'I'm Interested in The Aftermath': Julia Loktev on THE LONELIEST PLANET
It's been six years since we heard from Julia Loktev after her minimalist, downright Bressonian suicide bomber film, Day Night Day Night. Her new film The Loneliest Planet, shot in the Caucasus mountains in Georgia, is just as enigmatic and elliptical as her first one, if not more. In person, Loktev appears to be fiercely intelligent and thoughtful. But just like her films, I had a very hard time pinning her down on what the film is all about.
Twitch: It's been a while since your last film Day Night Day Night, why the gap?
Julia Loktev: What a rude question to ask a filmmaker?! (laughs)
Oh I didn't mean to be rude...
I was just talking to someone about how we were supposed to shoot the film one year earlier. We had to delay it for a year because it took a while to get the money together. It's amazing how long it takes to get everything done. I wish I could make a film a year. In this day and age, I think that's very hard to accomplish. In this case we had most of the budget, we needed about twenty five percent of it. And the story takes place in the mountains, so there is a very short window to shoot from the month of May through September. After that, it's all snow and they are closed for business. We were going to shoot the previous summer and had an investor who came in and said, "We will give you the last 25 percent of the money, if you could move the location to China. So we were going to move to China even though the script was originally set in Georgia. Then they pulled the plug two weeks before the shoot, and we had to wait another year. Luckily, by that time I had Gael (Gael Garcia Bernal) and Hani (Israeli actress Hani Furstenberg) cast and they both stuck with the project and came back after a year to do it.
That's pretty awesome. How long did it take you to write the script?
That's a hard thing to measure because you know, it takes a while to come up with the initial idea and there is a germination period before you flesh out what you want to say. I never understand people asking "what version of the script are you on?" because I keep on writing everyday even on the set. And I'm constantly editing while I am writing it, it's much more of a fluid process for me.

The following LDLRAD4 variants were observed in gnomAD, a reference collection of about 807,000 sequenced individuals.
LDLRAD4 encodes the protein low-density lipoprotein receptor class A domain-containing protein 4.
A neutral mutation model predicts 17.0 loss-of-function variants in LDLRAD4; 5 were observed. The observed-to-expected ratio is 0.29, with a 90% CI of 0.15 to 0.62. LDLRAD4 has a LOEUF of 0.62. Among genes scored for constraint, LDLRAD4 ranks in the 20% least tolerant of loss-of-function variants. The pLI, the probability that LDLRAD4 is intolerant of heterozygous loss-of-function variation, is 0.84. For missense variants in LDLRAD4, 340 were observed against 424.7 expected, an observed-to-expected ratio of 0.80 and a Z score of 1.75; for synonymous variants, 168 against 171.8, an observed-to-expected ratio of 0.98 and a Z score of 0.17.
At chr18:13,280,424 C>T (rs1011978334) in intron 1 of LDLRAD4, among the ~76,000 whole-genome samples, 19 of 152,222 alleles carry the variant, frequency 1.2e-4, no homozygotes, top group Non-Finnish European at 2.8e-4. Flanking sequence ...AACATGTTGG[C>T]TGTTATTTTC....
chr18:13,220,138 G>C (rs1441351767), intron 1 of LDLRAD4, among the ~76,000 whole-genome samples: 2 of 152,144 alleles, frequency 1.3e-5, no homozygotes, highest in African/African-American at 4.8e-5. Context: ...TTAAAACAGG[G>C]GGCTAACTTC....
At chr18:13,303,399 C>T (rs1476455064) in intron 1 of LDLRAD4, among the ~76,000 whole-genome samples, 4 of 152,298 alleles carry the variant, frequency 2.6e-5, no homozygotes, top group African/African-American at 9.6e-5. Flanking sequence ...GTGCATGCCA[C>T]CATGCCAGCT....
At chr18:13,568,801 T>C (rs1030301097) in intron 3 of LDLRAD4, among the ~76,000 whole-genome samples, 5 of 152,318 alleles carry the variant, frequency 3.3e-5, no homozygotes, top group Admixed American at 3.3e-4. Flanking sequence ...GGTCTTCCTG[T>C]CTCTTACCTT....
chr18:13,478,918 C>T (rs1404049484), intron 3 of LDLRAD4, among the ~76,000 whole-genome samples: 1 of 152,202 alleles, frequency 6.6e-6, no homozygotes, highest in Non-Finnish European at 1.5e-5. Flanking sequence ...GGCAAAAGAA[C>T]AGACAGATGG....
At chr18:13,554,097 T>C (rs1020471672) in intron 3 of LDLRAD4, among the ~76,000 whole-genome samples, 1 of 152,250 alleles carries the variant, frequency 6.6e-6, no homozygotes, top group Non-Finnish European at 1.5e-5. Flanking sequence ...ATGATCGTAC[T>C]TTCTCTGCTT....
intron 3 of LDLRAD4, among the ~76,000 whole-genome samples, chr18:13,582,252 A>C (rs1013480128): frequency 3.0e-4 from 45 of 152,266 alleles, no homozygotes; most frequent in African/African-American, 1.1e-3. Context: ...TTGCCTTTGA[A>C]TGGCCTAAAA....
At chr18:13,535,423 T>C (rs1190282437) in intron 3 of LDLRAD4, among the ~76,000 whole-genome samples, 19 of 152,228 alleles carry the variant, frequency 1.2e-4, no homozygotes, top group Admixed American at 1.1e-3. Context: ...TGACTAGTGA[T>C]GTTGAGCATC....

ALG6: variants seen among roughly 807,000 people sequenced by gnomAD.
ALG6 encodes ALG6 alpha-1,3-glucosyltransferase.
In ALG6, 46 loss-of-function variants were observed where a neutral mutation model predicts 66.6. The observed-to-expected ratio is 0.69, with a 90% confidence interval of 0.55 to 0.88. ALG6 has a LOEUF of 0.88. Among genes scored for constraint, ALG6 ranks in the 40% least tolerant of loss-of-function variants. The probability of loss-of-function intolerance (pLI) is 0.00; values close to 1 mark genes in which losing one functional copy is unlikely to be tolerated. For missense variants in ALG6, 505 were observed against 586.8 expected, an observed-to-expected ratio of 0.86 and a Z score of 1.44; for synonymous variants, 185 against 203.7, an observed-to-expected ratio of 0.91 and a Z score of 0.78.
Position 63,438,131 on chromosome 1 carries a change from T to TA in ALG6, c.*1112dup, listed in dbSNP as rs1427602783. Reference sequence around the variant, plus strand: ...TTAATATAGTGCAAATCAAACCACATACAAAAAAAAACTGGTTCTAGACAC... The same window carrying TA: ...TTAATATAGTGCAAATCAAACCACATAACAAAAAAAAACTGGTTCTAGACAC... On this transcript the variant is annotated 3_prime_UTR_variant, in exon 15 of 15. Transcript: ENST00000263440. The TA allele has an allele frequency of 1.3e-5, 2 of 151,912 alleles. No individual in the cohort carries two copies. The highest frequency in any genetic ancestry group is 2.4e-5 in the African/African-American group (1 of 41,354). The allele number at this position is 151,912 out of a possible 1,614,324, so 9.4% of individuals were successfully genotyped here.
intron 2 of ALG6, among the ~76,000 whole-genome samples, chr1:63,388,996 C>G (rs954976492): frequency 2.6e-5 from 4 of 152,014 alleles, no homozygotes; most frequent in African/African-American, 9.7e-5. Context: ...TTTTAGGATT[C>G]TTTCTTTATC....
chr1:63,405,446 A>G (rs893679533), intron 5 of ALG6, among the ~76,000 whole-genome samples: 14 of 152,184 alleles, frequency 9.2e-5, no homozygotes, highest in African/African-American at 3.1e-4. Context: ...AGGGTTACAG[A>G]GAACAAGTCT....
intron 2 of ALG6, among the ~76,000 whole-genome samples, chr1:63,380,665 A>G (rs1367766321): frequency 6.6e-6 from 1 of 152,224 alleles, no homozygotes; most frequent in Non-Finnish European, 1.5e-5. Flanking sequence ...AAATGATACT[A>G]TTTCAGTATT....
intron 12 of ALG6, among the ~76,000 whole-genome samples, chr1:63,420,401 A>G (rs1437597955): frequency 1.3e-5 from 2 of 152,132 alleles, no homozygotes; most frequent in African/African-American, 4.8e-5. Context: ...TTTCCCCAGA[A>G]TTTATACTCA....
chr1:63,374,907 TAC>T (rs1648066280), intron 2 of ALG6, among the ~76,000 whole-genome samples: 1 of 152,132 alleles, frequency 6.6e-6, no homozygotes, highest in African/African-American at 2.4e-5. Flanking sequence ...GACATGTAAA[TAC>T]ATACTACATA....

You said it was conceived with Georgia in mind and the film is stunning to look at. Why Georgia?
I was born in Russia (technically in Soviet Union) when Georgia was part of the USSR. It's where I can still get around speaking Russian even though it is a different country with their culture and language. That's where my mother used to go for hikes when she was a university student. So there was this kind of family connection to the mountains even though I went to Georgia for the first time for a film festival a few years back.
Was it very hard to shoot in the mountains?
It was the hardest thing I've ever done. Yes, it was incredibly difficult. Not because we were shooting in Georgia. Georgians are actually amazingly easy to work with and made everything very easy for us, we really couldn't have done it without them. We had a small international crew and some of them were made up of Georgian mountaineers. It was run like an expedition, so in terms of organization, it was fantastic. But what made difficult was the sun because I had a very specific visual in mind. Most of the time the sun was too harsh to shoot. We had very short windows to shoot with a particular direction in mind and it really, completely limited how we shot. Perhaps limited is not the right word. The sun was definitely an obstruction and a challenge.